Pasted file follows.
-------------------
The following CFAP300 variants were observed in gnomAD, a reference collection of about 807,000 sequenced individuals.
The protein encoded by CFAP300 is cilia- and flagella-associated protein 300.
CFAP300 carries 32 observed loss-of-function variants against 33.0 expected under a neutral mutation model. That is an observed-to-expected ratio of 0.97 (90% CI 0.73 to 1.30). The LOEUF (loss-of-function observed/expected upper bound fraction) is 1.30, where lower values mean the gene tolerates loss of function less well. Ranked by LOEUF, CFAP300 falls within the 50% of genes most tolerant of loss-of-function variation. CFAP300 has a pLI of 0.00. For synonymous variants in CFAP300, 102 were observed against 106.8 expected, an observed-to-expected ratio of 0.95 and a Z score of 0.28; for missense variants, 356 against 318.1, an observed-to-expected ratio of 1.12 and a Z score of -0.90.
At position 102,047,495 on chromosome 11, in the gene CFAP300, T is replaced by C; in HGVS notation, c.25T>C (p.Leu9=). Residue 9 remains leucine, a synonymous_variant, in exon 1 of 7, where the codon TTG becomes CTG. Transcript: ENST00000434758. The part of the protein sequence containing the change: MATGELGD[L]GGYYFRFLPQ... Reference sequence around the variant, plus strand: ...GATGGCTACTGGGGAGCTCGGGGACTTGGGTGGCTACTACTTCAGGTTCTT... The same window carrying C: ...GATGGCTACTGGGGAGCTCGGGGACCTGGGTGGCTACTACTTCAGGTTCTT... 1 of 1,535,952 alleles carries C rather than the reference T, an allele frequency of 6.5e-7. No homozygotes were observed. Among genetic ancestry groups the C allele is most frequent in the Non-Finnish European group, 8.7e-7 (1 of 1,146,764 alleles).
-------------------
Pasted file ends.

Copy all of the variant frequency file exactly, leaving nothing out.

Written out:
The following CFAP300 variants were observed in gnomAD, a reference collection of about 807,000 sequenced individuals.
The protein encoded by CFAP300 is cilia- and flagella-associated protein 300.
CFAP300 carries 32 observed loss-of-function variants against 33.0 expected under a neutral mutation model. That is an observed-to-expected ratio of 0.97 (90% CI 0.73 to 1.30). The LOEUF (loss-of-function observed/expected upper bound fraction) is 1.30, where lower values mean the gene tolerates loss of function less well. Ranked by LOEUF, CFAP300 falls within the 50% of genes most tolerant of loss-of-function variation. CFAP300 has a pLI of 0.00. For synonymous variants in CFAP300, 102 were observed against 106.8 expected, an observed-to-expected ratio of 0.95 and a Z score of 0.28; for missense variants, 356 against 318.1, an observed-to-expected ratio of 1.12 and a Z score of -0.90.
At position 102,047,495 on chromosome 11, in the gene CFAP300, T is replaced by C; in HGVS notation, c.25T>C (p.Leu9=). Residue 9 remains leucine, a synonymous_variant, in exon 1 of 7, where the codon TTG becomes CTG. Transcript: ENST00000434758. The part of the protein sequence containing the change: MATGELGD[L]GGYYFRFLPQ... Reference sequence around the variant, plus strand: ...GATGGCTACTGGGGAGCTCGGGGACTTGGGTGGCTACTACTTCAGGTTCTT... The same window carrying C: ...GATGGCTACTGGGGAGCTCGGGGACCTGGGTGGCTACTACTTCAGGTTCTT... 1 of 1,535,952 alleles carries C rather than the reference T, an allele frequency of 6.5e-7. No homozygotes were observed. Among genetic ancestry groups the C allele is most frequent in the Non-Finnish European group, 8.7e-7 (1 of 1,146,764 alleles).